Early onset dementia is far more common than most people realize, especially for those with genetic markers making it more likely that they will develop dementia or Alzheimer’s. Around 200,000 people in the United States under age sixty-five struggle with Alzheimer’s or early onset dementia.

If you have a loved one that is beginning to show the signs of early onset dementia, you can reach out to a medical professional or therapist for help today.

Nine signs of early onset dementia.

Only a medical professional can determine early onset dementia or Alzheimer’s. The physician will order physical and cognitive assessments, lab work and request a complete medical history. The risk for dementia rises if an immediate family member also has the disease. The person must have problems in other areas besides memory that affect everyday life. These areas include language, communication, concentration, and problem-solving.

Look over the following signs of early onset dementia:

Memory problems – The first effect of early onset dementia is the inability to recall things as well as in the past. The initial reason the person believes is due to the aging process. However, these memory problems will progress faster than typical aging. Recent events and conversations may be hard to recall or are entirely missing from their memory.

Increasing confusion – Confusion can set in when the person does not remember why they walked into a room or where they live. Familiar places such as home may look strange to them. They may forget what day or month it is and become confused about specific events in their day. They may forget and become confused and agitated when meeting new people but cannot recall their names or faces later.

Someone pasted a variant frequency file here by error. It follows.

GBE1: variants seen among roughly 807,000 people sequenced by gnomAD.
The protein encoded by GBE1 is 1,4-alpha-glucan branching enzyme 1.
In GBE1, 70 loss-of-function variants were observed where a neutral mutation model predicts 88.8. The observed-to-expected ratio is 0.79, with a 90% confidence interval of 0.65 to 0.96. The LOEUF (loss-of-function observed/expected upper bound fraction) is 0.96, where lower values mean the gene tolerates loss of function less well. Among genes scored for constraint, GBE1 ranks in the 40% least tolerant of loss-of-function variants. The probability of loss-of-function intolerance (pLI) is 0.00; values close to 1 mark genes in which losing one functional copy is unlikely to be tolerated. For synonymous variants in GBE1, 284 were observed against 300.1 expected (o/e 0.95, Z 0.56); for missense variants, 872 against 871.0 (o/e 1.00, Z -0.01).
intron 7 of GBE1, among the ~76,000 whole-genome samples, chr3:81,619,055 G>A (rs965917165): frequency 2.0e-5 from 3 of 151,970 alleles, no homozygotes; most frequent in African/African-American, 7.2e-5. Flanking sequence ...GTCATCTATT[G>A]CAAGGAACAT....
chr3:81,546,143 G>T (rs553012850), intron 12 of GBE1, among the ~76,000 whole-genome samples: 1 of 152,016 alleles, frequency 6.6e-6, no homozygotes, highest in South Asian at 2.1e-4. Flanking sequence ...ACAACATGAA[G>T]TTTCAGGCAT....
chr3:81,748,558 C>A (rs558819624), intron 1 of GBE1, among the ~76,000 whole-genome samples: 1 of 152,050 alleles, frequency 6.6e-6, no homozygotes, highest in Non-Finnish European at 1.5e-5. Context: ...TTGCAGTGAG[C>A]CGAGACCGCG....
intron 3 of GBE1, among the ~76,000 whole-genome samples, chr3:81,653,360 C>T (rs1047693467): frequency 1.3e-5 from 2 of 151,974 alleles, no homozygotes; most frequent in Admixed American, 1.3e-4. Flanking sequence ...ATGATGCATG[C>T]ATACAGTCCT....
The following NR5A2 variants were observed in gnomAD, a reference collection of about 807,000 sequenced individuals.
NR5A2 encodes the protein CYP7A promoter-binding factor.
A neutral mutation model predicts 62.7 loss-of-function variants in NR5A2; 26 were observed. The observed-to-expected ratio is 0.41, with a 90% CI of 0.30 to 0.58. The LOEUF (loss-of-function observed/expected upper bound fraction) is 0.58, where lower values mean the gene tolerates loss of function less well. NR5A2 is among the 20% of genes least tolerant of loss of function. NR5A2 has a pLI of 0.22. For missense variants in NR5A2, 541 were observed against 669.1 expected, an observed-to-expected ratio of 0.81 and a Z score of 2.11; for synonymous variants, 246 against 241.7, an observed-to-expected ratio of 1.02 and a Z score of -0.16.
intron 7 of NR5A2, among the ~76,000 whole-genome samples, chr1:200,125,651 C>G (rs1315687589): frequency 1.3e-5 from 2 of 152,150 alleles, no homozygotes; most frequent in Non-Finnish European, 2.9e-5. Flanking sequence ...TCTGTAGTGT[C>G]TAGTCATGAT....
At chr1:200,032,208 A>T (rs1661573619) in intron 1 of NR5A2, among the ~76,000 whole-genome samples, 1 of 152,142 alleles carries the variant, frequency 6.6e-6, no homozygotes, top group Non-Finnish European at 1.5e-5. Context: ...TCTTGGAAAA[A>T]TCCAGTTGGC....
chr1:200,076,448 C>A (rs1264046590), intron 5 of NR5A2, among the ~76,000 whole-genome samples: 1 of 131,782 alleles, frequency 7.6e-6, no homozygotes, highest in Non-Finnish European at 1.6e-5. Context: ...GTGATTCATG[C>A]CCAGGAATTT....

Changes in personality – Personality and mood changes are expected with early onset dementia. Mood swings and irritability may seem to come out of nowhere. The sufferer may become angry and frustrated when the familiar routine suddenly changes. People with dementia who were once shy and docile may suddenly show extroverted and outgoing behaviors.

Depression – Depression, apathy, and emotional numbness are signs of early onset dementia. As the disease progresses, the patient may no longer want to spend time with family or friends. They may lose interest in their favorite hobbies or refuse to attend events. This listlessness and isolation can lead to significant depression.

Unable to do everyday tasks – As dementia progresses, more complex tasks are challenging. Balancing a checkbook, managing finances, and dealing with insurance claims or tax paperwork may become puzzling to someone with dementia. As more confusion sets in, they forget how to make specific recipes or operate certain small appliances or yardwork machinery.

Problems with language – Forgetting words or believing words sound unfamiliar is a frightening symptom of dementia. The sufferer may search for the correct terms to express their feelings; thus, their speech may slow. A speech pathologist can often help the sufferer in the early stages to strengthen cognitive ability.

Displaying poor spatial skills – Judging distances and following directions are tough. The patient may quickly become lost and unable to find their way home because their surroundings are no longer familiar. They might become confused when asked to do something with more than a few steps or have trouble learning new things. The risk for car accidents increases when drivers with early onset dementia cannot judge the distance between themselves and oncoming cars.

Losing things – The patient may often lose things like keys, glasses, debit cards, wallet, or medications. They may be uncertain as to why they walked into a room. They might store items in places they do not belong, like finding the house keys in the refrigerator.

Inability to concentrate – As the brain’s hippocampus region is affected by early onset dementia, the ability to concentrate or focus on tasks wanes. Keeping a train of thought becomes challenging, and learning something new can be difficult.